This masterpiece of French 18th-century sculpture, by Houdon gives Diana an original treatment, presenting her naked and running, in contrast with the static and idealised Diana of his predecessors, dressed in a tunic as a symbol of virginity.
In this version Diana had all her usual attributes: a bow, arrows and the moon in the last quarter on her head. In this version, in marble, however, because of technical demands due to the excessive weight of the material, Houdon was forced to create support points: a clump of aquatic plants at the base and a quiver of arrows to consolidate her left arm.
A unique example, the statue belonged to Catherine of Russia, and was on display in the Hermitage Museum. Its popularity had more to do with a number of factors, including the scandal caused by her complete nudity, which, at the time, was regarded as excessive and inappropriate.
Catherine II Empress of Russia; The Hermitage, St Petersburg, 1784. Acquired by Calouste Gulbenkian through his representative, Paris, June 1930.
H. 210 cm; W. 98 cm; D. 115 cm
Maria Rosa Figueiredo, French Sculpture. Catalogue of European Sculpture, vol. I. Lisbon: Calouste Gulbenkian Museum, 1992, pp. 88–95.
Rona Goffen (ed.), Museums Discovered. The Calouste Gulbenkian Museum. Fort Lauderdale, Florida: Woodbine Books, 1995, pp. 104–5, pl.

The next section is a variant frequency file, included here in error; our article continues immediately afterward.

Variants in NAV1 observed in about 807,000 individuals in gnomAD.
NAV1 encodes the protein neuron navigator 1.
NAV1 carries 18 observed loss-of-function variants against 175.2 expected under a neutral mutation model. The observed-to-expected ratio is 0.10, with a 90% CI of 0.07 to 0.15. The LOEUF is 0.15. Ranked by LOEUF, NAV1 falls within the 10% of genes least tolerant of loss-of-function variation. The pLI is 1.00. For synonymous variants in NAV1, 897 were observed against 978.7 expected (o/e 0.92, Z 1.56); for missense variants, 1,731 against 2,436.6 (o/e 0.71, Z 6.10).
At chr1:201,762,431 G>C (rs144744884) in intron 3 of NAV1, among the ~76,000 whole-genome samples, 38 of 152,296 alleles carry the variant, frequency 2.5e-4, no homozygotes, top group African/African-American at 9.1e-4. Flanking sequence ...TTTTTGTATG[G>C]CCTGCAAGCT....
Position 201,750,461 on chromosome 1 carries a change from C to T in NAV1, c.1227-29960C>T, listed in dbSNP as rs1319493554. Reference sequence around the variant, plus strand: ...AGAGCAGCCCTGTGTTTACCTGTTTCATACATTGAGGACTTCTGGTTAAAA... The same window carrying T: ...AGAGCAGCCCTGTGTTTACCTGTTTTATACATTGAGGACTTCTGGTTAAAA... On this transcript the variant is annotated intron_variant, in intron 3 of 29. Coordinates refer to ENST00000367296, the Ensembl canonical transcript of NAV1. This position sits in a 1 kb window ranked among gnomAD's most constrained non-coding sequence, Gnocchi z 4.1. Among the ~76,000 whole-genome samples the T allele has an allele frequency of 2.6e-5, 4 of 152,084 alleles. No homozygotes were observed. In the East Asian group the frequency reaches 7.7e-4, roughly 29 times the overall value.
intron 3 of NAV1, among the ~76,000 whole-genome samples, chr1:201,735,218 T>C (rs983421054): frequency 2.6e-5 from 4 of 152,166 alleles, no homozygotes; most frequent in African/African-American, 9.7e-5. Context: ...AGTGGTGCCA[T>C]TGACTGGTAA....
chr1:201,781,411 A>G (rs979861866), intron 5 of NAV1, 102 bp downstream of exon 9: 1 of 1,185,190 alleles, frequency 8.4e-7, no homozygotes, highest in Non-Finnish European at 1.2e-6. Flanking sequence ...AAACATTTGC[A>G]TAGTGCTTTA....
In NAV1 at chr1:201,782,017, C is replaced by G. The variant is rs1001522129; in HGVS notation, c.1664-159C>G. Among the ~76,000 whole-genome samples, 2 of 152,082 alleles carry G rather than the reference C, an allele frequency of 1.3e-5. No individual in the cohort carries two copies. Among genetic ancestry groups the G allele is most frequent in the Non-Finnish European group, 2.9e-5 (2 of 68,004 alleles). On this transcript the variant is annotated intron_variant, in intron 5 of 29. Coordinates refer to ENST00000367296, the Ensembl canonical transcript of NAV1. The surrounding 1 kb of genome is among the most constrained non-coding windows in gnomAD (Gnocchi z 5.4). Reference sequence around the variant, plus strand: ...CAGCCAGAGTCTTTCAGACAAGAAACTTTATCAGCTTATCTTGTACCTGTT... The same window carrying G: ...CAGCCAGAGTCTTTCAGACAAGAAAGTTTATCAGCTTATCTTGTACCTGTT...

Calouste Gulbenkian Museum. Lisbon: Calouste Gulbenkian Museum, 2001, p. 146, cat. 122.
These cookies are used to enhance your browsing experience, security and our website's performance, allowing you to access the main features of the website. Therefore, they are always enabled. This type of cookies includes cookies that allow you to be remembered as you browse the website during a single session.
These cookies collect information about the use of the website to improve the services provided and to evaluate the performance of the website. Some of these cookies may be used to test pages or the functionality of the website by measuring the reaction of users. These cookies may be our own and / or owned by third parties.
These cookies are third-party cookies that allow to connect to social media and share multimedia content from our website on those networks. Some of these cookies help us to adapt advertising outside of our website to the interests of the users. By disabling these cookies, it will no longer be possible to directly share our content in any social media
For more information about cookies and the processing of your personal data, please see the Privacy and Cookies Policy. You can change your cookie settings at any time through the link at the bottom of the page.